Nutritious winter squash comes in many shapes and sizes. But unlike summer squash, there is no such thing as an “overgrown” winter squash. Rather, the longer the squash grows, the sweeter it will be.
After picking, however, squash may be damaged by poor storage. Clues to good quality are a smooth, dry skin, free of cracks or soft spots. Moreover, the skin should be dull. A shiny skin indicates that the squash was picked too early and will not have the full sweetness of a mature squash.
Deep color is also a sign of a good winter squash:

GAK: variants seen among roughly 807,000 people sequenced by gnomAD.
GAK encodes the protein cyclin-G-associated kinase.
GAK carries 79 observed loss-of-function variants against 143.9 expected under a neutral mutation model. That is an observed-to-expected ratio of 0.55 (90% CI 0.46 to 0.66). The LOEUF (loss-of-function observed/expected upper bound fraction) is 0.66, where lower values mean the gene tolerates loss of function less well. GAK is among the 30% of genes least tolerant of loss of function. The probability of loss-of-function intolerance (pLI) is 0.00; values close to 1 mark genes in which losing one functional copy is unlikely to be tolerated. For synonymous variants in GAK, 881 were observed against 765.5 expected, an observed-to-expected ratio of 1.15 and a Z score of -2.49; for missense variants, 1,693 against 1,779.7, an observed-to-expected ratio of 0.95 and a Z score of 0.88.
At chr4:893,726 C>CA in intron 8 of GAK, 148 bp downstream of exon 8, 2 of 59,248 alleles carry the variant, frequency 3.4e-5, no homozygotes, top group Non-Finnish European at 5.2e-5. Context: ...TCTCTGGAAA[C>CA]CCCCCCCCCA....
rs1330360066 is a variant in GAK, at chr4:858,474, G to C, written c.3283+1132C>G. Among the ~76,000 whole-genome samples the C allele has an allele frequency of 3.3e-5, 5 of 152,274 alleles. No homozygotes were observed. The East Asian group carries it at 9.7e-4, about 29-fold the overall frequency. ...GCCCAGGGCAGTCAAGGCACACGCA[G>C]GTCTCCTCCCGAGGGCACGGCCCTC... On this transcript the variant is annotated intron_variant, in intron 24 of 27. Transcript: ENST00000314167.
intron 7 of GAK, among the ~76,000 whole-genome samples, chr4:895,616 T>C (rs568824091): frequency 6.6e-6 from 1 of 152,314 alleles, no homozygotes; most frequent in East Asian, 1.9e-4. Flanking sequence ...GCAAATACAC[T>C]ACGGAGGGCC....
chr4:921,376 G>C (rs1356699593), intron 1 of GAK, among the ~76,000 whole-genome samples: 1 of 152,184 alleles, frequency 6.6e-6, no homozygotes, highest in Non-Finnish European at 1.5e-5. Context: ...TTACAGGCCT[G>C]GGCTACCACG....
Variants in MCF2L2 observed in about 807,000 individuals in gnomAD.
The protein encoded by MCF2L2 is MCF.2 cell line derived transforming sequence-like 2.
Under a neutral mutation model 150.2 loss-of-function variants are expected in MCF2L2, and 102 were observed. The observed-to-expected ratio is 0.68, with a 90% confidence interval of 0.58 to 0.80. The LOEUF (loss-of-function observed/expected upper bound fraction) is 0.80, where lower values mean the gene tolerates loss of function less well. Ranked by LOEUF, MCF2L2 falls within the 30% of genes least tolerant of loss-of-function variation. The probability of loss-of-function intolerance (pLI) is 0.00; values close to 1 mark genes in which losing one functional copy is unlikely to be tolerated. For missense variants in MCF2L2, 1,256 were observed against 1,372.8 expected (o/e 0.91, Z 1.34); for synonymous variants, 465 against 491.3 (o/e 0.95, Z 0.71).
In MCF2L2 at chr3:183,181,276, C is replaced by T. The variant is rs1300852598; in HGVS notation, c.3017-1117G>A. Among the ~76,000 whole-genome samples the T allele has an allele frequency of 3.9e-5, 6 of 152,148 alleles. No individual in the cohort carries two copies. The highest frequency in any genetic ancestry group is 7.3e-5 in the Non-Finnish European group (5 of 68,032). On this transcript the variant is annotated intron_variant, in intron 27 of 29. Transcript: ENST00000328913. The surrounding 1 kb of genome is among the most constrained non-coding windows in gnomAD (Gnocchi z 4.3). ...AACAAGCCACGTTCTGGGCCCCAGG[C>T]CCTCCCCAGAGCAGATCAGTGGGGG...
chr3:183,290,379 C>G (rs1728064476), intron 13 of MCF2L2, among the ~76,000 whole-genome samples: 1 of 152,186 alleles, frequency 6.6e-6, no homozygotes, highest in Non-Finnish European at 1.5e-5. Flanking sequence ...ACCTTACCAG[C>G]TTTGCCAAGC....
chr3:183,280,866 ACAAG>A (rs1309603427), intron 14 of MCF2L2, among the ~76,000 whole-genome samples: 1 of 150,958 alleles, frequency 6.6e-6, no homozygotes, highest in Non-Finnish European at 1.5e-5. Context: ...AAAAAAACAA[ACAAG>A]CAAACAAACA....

- Green acorn squash may have splashes of orange, but avoid any that have orange on more than half the surface.
- Butternut squash should be uniformly tan, with no tinge of green.
A winter squash should feel heavy for its size. If possible, choose squash with their stems attached, as these are also indicators of quality. The stems should be rounded and dry, not collapsed, blackened, or moist.
Some very large squash, such as calabaza, banana, or Hubbard, are sold cut into quarters or chunks and wrapped in plastic. When buying cut squash, look for a rich interior color.